case #11 CV 001943 02/11/11 Action Group Inc. v. Nanostatics Corp. case #11 CV 001991 02/11/11 Ferguson Enterprises Inc. v. Keigley Plumbing Inc. commercial docket case #11 CV 001997 02/11/11 Franklin County Treasurer Edward Leonard v. 3814 Cleveland Ave. LLC foreclosure case #11 CV 002000 02/11/11 Franklin County Treasurer Edward Leonard v. Douglas CBP LLC foreclosure case #11 CV 002001 02/11/11 Franklin County Treasurer Edward Leonard v. Georgesville Center LLC foreclosure case #11 CV 002002 02/11/11 American Corrugated Products Inc. v. Worthington Packaging Inc. case #11 CV 002003 02/11/11 LICKING COUNTY Taylor Road Supply Inc. v. Christopher Linn dba Linn Concrete case #2011 CV 00162 02/02/11 Ervin Leasing Co. v. Samuel L. Pignatelli/D.M.S. Poured Walls case #2011 CV 00193 02/08/11 JPMorgan Chase Bank NA v. Buckeye Plumbing Co. Inc./ | BUSINESS FIRST Christina M. Weyand/Timothy Weyand case #2011 CV 00200 02/09/11 Key Equipment Finance v. Tats Express Inc./Stanley Tataranowitx/Jill Tataranowitx case #2011 CV 00208 02/10/11 All American Drywall Systems Inc. v. Claggett & Sons Inc. case #2011 CV 00212 02/10/11 PICKAWAY COUNTY Colonial Pacific Leasing Corp. v. Digger McCray LLC/J.R. McCray case #2011 CI 0045 01/26/11 City of Circleville v. Conveyor Metal Works Inc./Scott D. Wolfe/Christy M. Wolfe case #2011 CI 0054 02/02/11 First Bank/Small Business Loan Source LLC v. Braety Brand LLC/Cici’s Pizza, No. 637/James C. Harness et al. case #2011 CI 0066 02/10/11

(940/941) case #201102040017821 02/04/11

Lloyd T. Bay 6750 Lithopolis Road Carroll 43112 $24,505 (6672) case #201100002207 02/04/11 Cheryl K. Haid 12576 Lake Road Millersport 43046 $46,890 (6672) case #201100002211 02/04/11 Joby T. Maynard Rural Route One Box 730 Sugar Grove 43155 $14,441 (CIVP) case #201100002365 02/08/11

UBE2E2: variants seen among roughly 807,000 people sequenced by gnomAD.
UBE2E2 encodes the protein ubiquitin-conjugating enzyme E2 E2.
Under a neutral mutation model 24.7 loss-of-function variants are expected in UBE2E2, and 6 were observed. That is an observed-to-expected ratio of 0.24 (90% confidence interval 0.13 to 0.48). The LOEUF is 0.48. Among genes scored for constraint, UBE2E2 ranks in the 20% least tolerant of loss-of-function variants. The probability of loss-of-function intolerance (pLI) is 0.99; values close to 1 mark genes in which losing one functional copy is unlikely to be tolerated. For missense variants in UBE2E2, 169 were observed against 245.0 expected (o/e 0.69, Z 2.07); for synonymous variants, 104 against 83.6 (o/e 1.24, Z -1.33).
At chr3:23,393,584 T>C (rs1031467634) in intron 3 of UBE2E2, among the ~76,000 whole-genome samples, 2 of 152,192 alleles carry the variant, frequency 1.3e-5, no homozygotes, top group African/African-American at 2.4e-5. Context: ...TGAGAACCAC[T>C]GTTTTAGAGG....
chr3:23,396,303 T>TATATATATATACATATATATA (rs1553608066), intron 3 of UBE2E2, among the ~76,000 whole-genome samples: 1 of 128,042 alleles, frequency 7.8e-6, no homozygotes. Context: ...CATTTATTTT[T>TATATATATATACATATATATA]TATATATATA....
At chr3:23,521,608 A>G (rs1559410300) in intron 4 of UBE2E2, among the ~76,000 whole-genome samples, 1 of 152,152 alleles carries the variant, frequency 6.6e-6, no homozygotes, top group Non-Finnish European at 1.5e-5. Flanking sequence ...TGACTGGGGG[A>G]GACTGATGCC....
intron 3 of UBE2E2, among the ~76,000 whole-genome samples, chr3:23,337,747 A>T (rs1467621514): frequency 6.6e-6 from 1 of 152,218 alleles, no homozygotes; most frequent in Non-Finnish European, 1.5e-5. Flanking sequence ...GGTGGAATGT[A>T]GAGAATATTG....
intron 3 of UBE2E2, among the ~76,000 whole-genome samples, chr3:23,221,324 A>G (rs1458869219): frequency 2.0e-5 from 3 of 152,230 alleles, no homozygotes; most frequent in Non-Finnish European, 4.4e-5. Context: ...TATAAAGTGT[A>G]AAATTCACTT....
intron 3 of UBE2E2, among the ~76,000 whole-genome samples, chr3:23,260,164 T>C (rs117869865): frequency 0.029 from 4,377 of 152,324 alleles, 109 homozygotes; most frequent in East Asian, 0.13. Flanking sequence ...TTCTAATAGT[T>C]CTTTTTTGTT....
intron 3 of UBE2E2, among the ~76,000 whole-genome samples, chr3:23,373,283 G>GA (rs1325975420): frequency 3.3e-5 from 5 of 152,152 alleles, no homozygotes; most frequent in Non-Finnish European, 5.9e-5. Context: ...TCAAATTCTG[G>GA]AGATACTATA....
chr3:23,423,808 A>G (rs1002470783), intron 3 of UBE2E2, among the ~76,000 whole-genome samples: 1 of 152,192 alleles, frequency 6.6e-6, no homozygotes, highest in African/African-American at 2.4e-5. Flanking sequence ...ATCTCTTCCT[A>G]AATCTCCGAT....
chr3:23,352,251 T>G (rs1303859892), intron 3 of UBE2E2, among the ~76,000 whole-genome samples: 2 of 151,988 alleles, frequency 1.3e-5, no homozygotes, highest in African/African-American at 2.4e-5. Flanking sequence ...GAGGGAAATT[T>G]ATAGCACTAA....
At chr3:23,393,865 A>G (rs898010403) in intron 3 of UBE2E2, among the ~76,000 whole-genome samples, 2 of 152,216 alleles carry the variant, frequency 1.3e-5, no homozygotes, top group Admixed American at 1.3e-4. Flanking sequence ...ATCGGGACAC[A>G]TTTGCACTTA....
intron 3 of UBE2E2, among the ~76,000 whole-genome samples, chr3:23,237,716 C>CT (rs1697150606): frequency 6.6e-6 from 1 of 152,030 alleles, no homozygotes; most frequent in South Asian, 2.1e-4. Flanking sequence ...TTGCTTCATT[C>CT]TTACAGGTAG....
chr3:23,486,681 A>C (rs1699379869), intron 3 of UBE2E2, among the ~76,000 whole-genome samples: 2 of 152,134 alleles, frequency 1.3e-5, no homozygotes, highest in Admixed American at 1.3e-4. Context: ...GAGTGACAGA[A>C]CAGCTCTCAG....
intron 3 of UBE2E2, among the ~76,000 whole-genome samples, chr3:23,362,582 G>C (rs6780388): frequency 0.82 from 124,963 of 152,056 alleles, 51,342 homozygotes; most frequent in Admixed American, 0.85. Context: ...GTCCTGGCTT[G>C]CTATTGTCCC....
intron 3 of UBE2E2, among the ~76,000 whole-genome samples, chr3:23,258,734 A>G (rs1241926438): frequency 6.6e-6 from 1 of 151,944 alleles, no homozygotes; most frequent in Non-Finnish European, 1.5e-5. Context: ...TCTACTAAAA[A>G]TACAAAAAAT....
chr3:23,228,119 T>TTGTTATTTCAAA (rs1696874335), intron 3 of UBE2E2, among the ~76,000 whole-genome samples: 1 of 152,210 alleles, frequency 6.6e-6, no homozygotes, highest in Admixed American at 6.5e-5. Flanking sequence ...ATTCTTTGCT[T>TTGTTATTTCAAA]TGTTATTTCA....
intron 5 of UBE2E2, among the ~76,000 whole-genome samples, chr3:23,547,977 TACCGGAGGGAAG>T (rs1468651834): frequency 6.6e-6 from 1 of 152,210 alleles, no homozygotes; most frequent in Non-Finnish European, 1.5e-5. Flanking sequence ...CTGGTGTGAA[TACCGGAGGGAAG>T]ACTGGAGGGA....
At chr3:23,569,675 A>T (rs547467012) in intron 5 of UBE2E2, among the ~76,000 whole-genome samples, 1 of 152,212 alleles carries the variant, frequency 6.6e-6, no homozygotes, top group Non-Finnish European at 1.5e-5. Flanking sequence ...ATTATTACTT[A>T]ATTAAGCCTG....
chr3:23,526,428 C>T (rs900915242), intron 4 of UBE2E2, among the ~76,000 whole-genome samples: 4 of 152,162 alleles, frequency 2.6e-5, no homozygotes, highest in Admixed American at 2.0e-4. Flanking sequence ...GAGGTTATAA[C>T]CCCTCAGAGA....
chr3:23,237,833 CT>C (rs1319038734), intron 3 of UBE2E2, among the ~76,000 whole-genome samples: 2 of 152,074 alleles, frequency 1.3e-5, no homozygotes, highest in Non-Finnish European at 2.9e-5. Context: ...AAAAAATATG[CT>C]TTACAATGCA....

Performance Companies LLC/ James T. Wilson 1040 Brentnell Ave. Columbus 43219 $47,783 (940/941) case #201102040017824 02/04/11 YMSR Inc. 1442 Ithaca Drive Columbus 43228 $13,334 (6721/940/941) case #201102040017835 02/04/11


Daryel Health Care Center LLC 1495 Morse Road, Suite 108 Columbus 43229 $221,607 (941) case #201102040017813 02/04/11 Embrace Home Health Care LLC/Sheldon Strauss 5080 Sinclair Road, Suite 104 Columbus 43229 $16,471 (941) case #201102040017816 02/04/11 Sheldon Strauss FILED 5080 Sinclair Road, Suite 104 Columbus 43229 FAIRFIELD COUNTY $36,027 Small Frey Inc./Flower Designs (6721) case #201102040017818 By Roger 02/04/11 500 N. Columbus St. Lancaster 43130 Dumar-Huntson Paving Inc./ $11,764 Dumar Paving (940/941) 3500 Millikin Court, Suite G case #201100001931 Columbus 43228 $1,088,944 02/01/11


Michael A. Ventresca 2967 Avalon Road Columbus 43221 $51,376 (6672) case #201102040017861 02/04/11 Noel L. Colman 4438 Hansen Drive Hilliard 43026 $51,404 (6672) case #201102040017862 02/04/11 Byron L. Potts & Co. LPA 415 E. Broad St., Suite 112 Columbus 43215 $19,302 (1120) case #201102080019762 02/08/11 A Mothers Dream Learning Center LLC/Marcella Adams 5000 Lindora Drive Columbus 43232 $22,842 (1065/941) case #201102080019800 02/08/11

For information on advertising contact Holly Caruso at 614.220.5432 or via email at LEGAL NOTICE



rent me. and me.